Independent Ethics Commission investigation of Weld County Commissioner Julie Cozad is ongoing; Cozad’s appeal to Colorado Supreme Court denied | MyWindsorNow.com

Independent Ethics Commission investigation of Weld County Commissioner Julie Cozad is ongoing; Cozad’s appeal to Colorado Supreme Court denied

Tyler Silvy
tsilvy@greeleytribune.com

Julie Cozad

There's nothing standing between Weld County Commissioner Julie Cozad and punishment for unethical behavior aside from, perhaps, her innocence.

In a final attempt to stop the investigation by the Colorado Independent Ethics Commission into alleged unethical conduct, Cozad appealed the commission's ruling on jurisdiction to the Colorado Supreme Court.

That appeal was dismissed, and Cozad appeared Monday at the Ralph L. Carr Colorado Judicial Center, 1300 Broadway, Denver, as the commission discussed next steps.

Those steps mostly involve the ongoing investigation into a complaint first filed July 20, 2017, by Johnstown resident Ellen DeLorenzo.

Cozad was the chairwoman of the Board of Weld County Commissioners when she attended, along with her husband, a North Colorado Medical Center Foundation Dinner as a guest of Noble Energy in January 2017. DeLorenzo alleges Cozad's and her husband's seats cost $2,500 apiece, and despite Cozad's $150 payment for meals and $220 donation to the North Colorado Medical Center Foundation, DeLorenzo says Cozad still benefited financially.

That's because even regular seats at the fundraiser cost $275, and so the complaint alleges Cozad's contributions are at least $180 short of the minimum cost to attend, with a maximum obligation of $4,630 based on the estimated cost of seats at the Noble table.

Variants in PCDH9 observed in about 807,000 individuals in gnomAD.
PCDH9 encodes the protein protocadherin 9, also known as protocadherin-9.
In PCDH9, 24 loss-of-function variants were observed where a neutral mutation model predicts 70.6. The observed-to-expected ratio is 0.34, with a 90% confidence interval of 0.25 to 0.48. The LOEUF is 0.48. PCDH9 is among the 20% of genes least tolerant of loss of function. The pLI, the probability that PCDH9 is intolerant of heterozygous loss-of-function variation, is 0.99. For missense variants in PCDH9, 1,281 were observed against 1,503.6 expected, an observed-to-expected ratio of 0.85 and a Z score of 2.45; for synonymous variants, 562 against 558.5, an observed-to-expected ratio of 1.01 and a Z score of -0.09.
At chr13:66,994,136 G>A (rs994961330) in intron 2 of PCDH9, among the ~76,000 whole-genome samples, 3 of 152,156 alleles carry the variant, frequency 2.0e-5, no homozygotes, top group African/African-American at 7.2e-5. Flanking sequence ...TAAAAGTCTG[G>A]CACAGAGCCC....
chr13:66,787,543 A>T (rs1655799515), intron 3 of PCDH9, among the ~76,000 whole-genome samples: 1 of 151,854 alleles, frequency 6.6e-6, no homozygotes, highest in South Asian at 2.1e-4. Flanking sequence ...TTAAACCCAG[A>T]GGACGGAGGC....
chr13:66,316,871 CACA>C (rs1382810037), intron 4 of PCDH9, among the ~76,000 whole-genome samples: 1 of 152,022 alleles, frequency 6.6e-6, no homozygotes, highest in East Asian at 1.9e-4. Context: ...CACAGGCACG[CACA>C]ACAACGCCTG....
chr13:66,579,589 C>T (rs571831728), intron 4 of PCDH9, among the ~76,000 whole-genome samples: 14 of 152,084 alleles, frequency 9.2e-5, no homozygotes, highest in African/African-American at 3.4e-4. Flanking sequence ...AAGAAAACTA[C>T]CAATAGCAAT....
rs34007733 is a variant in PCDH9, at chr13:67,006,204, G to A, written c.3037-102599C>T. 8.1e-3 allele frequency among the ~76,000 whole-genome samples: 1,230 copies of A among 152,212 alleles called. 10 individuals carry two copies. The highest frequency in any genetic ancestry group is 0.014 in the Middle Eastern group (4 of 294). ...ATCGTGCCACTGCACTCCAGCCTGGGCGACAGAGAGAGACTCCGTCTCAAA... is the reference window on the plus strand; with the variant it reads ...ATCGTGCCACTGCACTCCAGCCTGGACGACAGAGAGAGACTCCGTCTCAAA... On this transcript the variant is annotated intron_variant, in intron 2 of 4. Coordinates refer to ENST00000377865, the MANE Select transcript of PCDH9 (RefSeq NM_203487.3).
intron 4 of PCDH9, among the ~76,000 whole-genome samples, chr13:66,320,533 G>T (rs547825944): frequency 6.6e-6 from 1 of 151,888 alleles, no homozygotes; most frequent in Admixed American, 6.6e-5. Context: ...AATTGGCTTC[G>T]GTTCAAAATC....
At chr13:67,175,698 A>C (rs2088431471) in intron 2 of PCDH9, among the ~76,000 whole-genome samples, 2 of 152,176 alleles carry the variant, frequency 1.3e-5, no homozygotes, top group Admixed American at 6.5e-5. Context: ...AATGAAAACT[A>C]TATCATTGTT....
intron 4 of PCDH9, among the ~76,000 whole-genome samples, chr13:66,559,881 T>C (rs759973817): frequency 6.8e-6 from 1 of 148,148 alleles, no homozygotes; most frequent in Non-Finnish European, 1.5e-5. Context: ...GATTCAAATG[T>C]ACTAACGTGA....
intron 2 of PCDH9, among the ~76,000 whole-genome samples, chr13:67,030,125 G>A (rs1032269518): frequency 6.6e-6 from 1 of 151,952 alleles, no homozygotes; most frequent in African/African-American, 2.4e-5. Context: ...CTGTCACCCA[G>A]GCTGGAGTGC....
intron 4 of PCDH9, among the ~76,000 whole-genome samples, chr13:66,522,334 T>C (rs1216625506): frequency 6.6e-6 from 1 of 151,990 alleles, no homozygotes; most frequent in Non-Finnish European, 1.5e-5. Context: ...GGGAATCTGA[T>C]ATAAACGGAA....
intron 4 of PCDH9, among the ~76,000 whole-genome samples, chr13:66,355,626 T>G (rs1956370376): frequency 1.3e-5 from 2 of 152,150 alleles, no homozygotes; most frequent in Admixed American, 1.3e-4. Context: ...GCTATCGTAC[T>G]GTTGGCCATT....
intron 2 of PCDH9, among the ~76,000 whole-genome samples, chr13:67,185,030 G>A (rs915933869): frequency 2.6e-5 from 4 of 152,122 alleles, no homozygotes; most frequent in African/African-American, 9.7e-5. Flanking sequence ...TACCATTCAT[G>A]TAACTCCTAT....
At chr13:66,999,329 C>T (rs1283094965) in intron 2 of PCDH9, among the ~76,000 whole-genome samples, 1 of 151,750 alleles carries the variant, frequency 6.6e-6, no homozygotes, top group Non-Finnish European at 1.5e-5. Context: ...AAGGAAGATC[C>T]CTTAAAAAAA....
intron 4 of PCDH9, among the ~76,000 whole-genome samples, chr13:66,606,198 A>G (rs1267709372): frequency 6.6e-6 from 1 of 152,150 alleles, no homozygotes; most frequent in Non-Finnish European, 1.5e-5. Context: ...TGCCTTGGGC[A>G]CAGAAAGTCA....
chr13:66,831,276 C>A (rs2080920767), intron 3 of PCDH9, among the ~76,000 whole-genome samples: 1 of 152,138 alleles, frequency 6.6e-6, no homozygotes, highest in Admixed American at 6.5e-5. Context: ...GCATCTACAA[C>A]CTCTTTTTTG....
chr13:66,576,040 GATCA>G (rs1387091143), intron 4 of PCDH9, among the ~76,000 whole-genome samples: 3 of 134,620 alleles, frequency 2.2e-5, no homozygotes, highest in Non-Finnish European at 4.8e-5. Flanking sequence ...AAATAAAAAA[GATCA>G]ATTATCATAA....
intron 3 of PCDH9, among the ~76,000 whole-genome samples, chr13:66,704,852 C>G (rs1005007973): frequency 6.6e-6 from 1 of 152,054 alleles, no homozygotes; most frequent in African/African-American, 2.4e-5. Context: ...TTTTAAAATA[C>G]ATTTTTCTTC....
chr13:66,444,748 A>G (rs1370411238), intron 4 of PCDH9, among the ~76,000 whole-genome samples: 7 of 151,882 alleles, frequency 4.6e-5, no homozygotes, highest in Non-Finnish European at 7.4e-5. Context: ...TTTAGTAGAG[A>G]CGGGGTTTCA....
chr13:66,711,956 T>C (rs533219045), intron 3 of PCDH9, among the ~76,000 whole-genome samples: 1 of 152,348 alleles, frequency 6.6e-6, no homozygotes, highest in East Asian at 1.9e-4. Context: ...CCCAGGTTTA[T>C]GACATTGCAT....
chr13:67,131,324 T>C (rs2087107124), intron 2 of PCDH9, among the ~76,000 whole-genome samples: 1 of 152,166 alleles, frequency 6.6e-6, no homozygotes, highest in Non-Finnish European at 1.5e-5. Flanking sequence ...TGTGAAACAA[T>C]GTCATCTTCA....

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Cozad's main defense to date has been that the Independent Ethics Commission has no jurisdiction in the case. Citing Weld County's home rule status, Cozad, her lawyer, Weld County attorneys, the Colorado Municipal League and Colorado Counties Incorporated have each argued Weld County's existing ethics rules mean the commission has no jurisdiction. The commission has disagreed, and Cozad's appeal to the Colorado Supreme Court was dismissed, meaning Cozad at this point will simply await the results of the commission's investigation.

If the commission finds Cozad guilty of ethical violations, namely the gift ban in the Colorado Constitution, it can fine Cozad up to twice the amount of money involved and issue a public ruling in the case.

In the meantime, Cozad has enlisted Weld County attorney Bruce Barker to represent her in the case, moving on from a private attorney. Cozad said it was a board decision made during a Feb. 26 work session.

Up next

The Colorado Independent Ethics Commission will meet next at 9 a.m. May 7 at the Ralph L. Carr Colorado Judicial Center, 1300 Broadway. The ethics complaint against Weld County Commissioner Julie Cozad is still under investigation, and it’s unclear when the commission will render a final decision in the case.